Submitted to: Plant Physiology
Publication Type: Peer Reviewed Journal
Publication Acceptance Date: 5/1/1997
Publication Date: N/A
Citation: N/A Interpretive Summary: Large areas of land within the U.S. and a significant proportion of the worlds arable lands are acidic. In these acid soils, aluminum (Al) toxicity is the primary factor limiting crop production. There is considerable genetic variation in sensitivity to Al between different plant species and genotypes, yet the genetic and molecular basis for Al tolerance is still poorly understood. We have recently screened mutagenized populations of Arabidopsis thaliana (a model plant system for molecular and genetic research) and isolated a family of mutants that exhibited increased sensitivity to Al toxicity. We showed that at least 8 different recessive genes are involved in Al sensitivity and are using these mutants to study the physiology and molecular biology of Al toxicity and tolerance in plants. In this study, we have focused on a very interesting Al sensitive mutant, als3, where Al toxicity involves disruption of shoot development (usually Al toxicity inhibits root but not shoot growth). In this study, w show that this response is specific for Al over other toxic metals, and requires Al interaction with the root and not the shoot. It appears that Al is causing a change in the root that results in dramatically inhibited shoot development, possibly via a root-derived Al-induced signal translocated to the shoot. This interesting mutant should provide new information on how Al toxicity comes about, as well as new information on developmental processes in plants.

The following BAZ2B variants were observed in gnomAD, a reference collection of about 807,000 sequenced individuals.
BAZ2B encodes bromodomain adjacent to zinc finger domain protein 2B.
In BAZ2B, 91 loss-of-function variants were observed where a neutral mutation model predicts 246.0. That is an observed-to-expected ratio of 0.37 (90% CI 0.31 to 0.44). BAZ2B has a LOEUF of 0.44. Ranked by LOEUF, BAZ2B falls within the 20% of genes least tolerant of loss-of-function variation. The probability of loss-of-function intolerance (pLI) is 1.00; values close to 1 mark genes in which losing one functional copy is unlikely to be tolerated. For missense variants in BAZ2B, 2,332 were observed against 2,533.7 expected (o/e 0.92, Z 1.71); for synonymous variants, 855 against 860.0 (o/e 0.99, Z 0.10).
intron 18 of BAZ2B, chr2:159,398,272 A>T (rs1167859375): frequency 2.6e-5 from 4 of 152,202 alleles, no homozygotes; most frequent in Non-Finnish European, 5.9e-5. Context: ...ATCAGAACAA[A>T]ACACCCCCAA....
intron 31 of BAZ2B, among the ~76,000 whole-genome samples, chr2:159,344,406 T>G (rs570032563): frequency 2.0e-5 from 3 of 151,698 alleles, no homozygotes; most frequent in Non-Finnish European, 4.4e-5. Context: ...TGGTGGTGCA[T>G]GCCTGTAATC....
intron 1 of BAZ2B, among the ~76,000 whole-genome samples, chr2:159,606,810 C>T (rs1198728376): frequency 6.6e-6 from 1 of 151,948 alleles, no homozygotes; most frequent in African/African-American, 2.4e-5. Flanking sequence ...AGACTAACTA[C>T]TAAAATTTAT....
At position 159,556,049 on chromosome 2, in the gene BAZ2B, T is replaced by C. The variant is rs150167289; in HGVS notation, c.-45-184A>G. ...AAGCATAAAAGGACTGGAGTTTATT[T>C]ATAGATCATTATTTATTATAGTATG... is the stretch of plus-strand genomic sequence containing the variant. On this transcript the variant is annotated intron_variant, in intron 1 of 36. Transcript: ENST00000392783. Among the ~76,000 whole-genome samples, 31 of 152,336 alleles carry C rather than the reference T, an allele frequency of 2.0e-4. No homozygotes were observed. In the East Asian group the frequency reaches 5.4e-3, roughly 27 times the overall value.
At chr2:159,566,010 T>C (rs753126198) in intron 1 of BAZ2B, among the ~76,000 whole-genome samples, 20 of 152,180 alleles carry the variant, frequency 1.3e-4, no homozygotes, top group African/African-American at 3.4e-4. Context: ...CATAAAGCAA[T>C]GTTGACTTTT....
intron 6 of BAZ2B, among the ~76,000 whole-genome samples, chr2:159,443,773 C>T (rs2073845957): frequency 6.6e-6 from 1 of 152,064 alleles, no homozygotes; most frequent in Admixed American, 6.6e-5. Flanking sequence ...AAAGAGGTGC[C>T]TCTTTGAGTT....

Technical Abstract: In als3, an aluminum sensitive Arabidopsis mutant, shoot development as well as root growth is sensitive to A1. When grown in an Al-containing medium, leaf expansion as well as root growth are severely inhibited in als3 seedlings. In the presence of A1, unexpanded leaves accumulate callose, an indicator of A1 damage in roots. The possibility that the inhibition of shoot development in als3 is due to hyperaccumulation of A1 in this tissue was examined, however it was found that the levels of A1 that accumulated in shoots of als3 are not different from wild type. The inhibition of shoot development in als3 is not a consequence of non- specific damage to roots because other metals (LaCl3 or CuS04) that strongly inhibit root growth did not block shoot development in als3 seedlings. A1 did not block leaf development in excised als3 shoots grown in an Al-containing medium demonstrating that the A1 induced damage in als3 3shoots was dependent on the presence of roots. This suggests that A1 inhibition of als3 shoot development may be a delocalized response to A1- induced stresses in roots following A1 exposure.